Monday, April 22, 2019

Police officers REPEATEDLY find bar noise IS NOT plainly audible




St. Petersburg Fl
Public Opinion by author: Robert Neff

While the proposed noise ordinance's Section 11-50 Penalty states SHALL be enforced, police officers repeatedly find the noise DOES NOT rise to the level to be “Plainly audible.” This can easily explain why there is an extremely low citation rate — less than 1% with over 2,517 calls in 2018.

Without a warning and a citation, there can be no penalty to stop bars, restaurants and cafes with repeat calls from encroaching on resident's quality of life. The proposed noise ordinance tips the scales so much to businesses that Mayor Kriseman and City Council decisions have residents' feet dangling in the air !

Proposed noise ordinance has serious issues that are not being addressed:
  • Mayor Kriseman is not enforcing the noise ordinance. Why? Below is Mayor Kriseman's April 11, 2017 email to Police Chief Holloway where Mayor Kriseman asks Chief Holloway to enforce the noise ordinance for two weeks!
Residents need to call Mayor Kriseman's Action Line at 893-7111, and email City Council to insist the police enforce the noise ordinance 365 days a year.
  • City Council Member Kornell worked with police Community Service Officer Kelly, and Flamingo Resort owner and Board President for the Skyway Marina District to develop a strategy to deal with a resident.
  • There is no process in place to track the number of warnings that the proposed noise ordinance states.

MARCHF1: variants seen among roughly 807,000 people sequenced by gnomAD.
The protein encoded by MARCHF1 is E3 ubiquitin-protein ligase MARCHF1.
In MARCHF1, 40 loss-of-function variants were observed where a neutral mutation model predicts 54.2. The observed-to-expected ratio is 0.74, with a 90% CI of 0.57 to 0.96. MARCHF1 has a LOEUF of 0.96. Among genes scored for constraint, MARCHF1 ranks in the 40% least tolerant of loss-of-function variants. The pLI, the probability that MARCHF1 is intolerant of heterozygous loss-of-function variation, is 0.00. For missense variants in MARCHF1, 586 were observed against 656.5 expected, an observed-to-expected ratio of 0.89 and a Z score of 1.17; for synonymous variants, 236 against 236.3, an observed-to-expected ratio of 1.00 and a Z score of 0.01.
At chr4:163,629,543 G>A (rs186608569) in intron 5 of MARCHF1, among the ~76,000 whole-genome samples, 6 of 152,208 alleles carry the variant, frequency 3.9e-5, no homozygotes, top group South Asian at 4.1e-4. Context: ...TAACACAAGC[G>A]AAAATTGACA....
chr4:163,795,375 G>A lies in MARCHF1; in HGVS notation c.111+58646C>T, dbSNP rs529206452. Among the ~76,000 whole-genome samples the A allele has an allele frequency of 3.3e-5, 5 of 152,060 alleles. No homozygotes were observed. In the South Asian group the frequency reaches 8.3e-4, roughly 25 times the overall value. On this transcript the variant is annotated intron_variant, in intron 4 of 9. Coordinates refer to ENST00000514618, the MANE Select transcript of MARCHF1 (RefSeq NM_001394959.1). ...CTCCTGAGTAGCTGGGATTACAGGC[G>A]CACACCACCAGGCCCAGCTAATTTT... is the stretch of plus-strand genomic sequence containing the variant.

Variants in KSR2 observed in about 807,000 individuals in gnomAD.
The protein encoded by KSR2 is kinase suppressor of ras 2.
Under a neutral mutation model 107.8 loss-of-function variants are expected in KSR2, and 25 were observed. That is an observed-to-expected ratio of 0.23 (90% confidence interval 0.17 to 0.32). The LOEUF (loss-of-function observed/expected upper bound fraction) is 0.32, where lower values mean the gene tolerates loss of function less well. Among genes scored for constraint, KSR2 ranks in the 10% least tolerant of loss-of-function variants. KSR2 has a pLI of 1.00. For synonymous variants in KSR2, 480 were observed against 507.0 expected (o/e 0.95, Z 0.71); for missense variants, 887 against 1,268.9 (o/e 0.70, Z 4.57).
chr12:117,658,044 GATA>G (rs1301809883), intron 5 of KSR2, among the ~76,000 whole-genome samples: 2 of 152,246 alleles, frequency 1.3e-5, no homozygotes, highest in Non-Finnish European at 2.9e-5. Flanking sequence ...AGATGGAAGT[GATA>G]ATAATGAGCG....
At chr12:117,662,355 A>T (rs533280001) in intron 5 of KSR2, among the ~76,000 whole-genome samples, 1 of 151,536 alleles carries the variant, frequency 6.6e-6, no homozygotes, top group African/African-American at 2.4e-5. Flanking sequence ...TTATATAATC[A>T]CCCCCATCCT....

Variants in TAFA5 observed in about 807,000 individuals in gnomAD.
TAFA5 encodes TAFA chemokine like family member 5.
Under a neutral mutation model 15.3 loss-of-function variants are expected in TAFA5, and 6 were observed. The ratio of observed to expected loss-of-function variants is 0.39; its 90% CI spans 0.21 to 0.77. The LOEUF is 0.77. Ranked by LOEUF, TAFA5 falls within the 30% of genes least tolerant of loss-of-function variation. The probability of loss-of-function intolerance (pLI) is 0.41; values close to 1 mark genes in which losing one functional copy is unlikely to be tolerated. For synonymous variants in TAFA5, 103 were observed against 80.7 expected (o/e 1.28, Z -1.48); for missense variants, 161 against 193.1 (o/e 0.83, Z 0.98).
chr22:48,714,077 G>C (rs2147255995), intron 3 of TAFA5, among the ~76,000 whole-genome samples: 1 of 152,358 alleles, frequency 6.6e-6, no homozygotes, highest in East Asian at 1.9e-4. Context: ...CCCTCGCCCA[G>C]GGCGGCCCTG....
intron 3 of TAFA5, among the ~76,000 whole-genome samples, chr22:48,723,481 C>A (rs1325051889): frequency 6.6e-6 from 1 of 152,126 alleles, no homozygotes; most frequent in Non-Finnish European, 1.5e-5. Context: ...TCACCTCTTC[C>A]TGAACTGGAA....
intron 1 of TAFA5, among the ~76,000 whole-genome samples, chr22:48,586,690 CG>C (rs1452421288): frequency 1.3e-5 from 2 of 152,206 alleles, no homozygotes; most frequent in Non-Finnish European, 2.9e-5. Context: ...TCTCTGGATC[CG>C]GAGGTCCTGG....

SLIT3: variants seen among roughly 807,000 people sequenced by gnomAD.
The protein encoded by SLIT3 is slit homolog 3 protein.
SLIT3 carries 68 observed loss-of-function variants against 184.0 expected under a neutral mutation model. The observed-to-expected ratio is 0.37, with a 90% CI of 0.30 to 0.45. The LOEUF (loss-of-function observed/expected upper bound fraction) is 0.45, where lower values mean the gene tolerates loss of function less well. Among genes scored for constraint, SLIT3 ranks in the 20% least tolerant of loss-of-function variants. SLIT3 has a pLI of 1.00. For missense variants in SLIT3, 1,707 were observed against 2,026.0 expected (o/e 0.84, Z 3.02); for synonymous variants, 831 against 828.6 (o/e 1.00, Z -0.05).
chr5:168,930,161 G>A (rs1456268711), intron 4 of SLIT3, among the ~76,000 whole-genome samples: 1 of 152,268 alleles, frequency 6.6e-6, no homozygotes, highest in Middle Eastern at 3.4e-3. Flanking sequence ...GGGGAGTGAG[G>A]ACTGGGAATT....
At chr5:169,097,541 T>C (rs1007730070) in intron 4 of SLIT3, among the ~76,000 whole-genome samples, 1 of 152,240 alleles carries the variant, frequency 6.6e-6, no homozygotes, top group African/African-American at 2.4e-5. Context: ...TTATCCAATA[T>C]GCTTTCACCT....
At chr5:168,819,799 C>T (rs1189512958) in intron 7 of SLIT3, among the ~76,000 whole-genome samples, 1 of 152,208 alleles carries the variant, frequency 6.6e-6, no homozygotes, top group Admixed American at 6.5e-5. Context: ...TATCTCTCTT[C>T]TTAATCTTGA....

• Mayor Kriseman and the police force’s refuse to issue citations for plainly audible noise to select bars with high repeat call rate, while issuing citations to one or two bars.
  • Residents and motor vehicles outside downtown are more likely to be issued a citation than a downtown bar.
  • City has no benchmarks and timeline to measure success or failure for the noise ordinance's revision.
Proposed noise ordinance has not fundamentally changed, except for the penalties and motorboats were added. The City expects the penalties to decrease the high repeat calls for bars and residences, which is 55%. But, if the police do not issue citations to all bars, then the two years to revise the noise ordinance will be a wastes effort.
  • In 2017, there were 2,535 total calls for noise. Of those 1400 were repeat calls
  • In 2018, there were 2,517 total calls for noise. Of those 1407 were repeat calls. 
The police continually asked the same establishments to turn down the music. The police have even stated if they have to come back out again, they will issue a citation. Police have noted issues with speaker placement and have not notified codes.

There were more citations outside of downtown in the neighborhoods than downtown.


In 2017 and 2018, data analysis and records review supports a high repeat call issue with bars and residences.
  • Residences and vehicles were twice as likely to get a ticket for noise than a bar. 
  • City has no cost data on what it costs to have officers respond to noise calls the police will not enforce.




The opinions here are the author's and do not necessarily reflect the views of Bay Post Internet or the Blog Publishers where it appears.
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